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Constructing International Relations in the Arab World$
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Fred H. Lawson

Print publication date: 2006

Print ISBN-13: 9780804753722

Published to Stanford Scholarship Online: June 2013

DOI: 10.11126/stanford/9780804753722.001.0001

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Introduction Origins of States-Systems

Introduction Origins of States-Systems

(p.1) Introduction Origins of States-Systems
Constructing International Relations in the Arab World
Stanford University Press

Three broad dynamics created the states-system that formed in the Middle East during the first half of the twentieth century: the end of the imperial institutions of governance that had structured regional politics over the previous 600 years; the rise of local nationalist movements in Cairo, Tunis, Baghdad, Damascus, and other major urban centers; and the appearance of narrowly self-interested, territorially bounded, mutually antagonistic states. The dissolution of the Ottoman Empire offered the opportunity for an anarchic states-system to take shape in the Middle East, but did not directly produce this distinctive kind of regional order. It is noted that the emergence of Westphalian sovereignty has significant role in the construction of the contemporary Middle Eastern states-system. Finally, an overview of the chapters included in this book is given.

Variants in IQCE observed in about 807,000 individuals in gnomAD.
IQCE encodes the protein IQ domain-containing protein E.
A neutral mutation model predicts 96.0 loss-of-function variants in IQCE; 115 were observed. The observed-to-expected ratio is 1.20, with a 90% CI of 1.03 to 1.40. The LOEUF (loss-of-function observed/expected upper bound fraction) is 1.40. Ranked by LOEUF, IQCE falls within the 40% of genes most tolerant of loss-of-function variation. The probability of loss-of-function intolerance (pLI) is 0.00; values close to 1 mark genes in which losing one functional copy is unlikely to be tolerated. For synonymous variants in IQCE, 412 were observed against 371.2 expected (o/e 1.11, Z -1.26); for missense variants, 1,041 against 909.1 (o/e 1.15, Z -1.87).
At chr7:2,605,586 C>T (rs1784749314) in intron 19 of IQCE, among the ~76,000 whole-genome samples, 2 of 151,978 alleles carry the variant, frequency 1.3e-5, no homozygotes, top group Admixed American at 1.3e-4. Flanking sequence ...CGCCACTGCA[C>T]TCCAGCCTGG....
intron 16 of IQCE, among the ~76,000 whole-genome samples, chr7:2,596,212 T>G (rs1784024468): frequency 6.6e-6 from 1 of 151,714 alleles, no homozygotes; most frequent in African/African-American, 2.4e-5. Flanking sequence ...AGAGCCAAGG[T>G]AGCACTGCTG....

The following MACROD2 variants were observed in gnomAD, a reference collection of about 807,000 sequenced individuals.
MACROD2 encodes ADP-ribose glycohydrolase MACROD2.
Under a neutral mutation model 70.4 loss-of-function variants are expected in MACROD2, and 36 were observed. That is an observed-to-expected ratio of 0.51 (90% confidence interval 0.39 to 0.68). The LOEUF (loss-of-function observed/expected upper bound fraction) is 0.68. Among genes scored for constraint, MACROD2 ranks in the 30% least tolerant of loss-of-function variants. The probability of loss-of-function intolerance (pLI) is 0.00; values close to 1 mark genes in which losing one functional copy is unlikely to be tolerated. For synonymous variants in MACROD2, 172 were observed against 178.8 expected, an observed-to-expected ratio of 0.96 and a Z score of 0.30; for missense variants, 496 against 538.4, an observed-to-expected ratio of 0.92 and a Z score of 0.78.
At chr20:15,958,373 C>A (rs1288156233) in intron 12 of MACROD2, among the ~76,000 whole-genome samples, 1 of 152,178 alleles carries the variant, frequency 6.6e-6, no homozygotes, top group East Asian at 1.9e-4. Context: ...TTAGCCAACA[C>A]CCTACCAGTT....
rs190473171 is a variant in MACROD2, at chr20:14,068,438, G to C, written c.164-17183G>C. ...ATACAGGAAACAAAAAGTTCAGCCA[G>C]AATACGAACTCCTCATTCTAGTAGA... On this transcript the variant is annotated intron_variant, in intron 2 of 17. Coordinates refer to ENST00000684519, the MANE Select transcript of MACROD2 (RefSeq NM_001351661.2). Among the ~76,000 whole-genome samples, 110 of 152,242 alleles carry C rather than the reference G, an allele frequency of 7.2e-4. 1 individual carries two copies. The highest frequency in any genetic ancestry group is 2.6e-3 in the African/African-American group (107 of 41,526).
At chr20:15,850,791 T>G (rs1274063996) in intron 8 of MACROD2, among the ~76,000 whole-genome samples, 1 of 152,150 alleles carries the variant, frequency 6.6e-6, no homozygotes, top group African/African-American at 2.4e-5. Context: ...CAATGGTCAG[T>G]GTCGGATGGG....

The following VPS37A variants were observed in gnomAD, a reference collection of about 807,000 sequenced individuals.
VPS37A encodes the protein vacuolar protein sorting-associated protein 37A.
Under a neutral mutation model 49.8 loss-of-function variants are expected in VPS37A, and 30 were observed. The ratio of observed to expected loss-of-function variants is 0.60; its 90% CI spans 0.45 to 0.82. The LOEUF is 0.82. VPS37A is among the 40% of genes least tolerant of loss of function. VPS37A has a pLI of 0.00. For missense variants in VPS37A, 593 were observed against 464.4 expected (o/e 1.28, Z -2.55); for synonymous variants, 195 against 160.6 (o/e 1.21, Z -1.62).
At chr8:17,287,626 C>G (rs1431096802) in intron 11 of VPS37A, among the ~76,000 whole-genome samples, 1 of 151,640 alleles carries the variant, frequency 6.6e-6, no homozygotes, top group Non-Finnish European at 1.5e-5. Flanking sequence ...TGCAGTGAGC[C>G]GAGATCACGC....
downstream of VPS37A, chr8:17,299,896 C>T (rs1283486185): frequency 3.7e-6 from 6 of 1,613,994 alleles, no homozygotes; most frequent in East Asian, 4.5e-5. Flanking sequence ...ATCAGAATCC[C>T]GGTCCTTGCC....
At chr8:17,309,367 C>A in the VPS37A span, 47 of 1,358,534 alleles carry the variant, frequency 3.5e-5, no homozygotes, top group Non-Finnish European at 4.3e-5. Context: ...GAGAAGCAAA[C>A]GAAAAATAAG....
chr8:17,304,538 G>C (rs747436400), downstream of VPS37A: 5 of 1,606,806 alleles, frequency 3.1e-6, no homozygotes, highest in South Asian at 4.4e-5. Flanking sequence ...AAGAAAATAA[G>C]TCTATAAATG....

Keywords:   states-system, Middle East, governance, Cairo, Tunis, Baghdad, Ottoman Empire, Westphalian sovereignty

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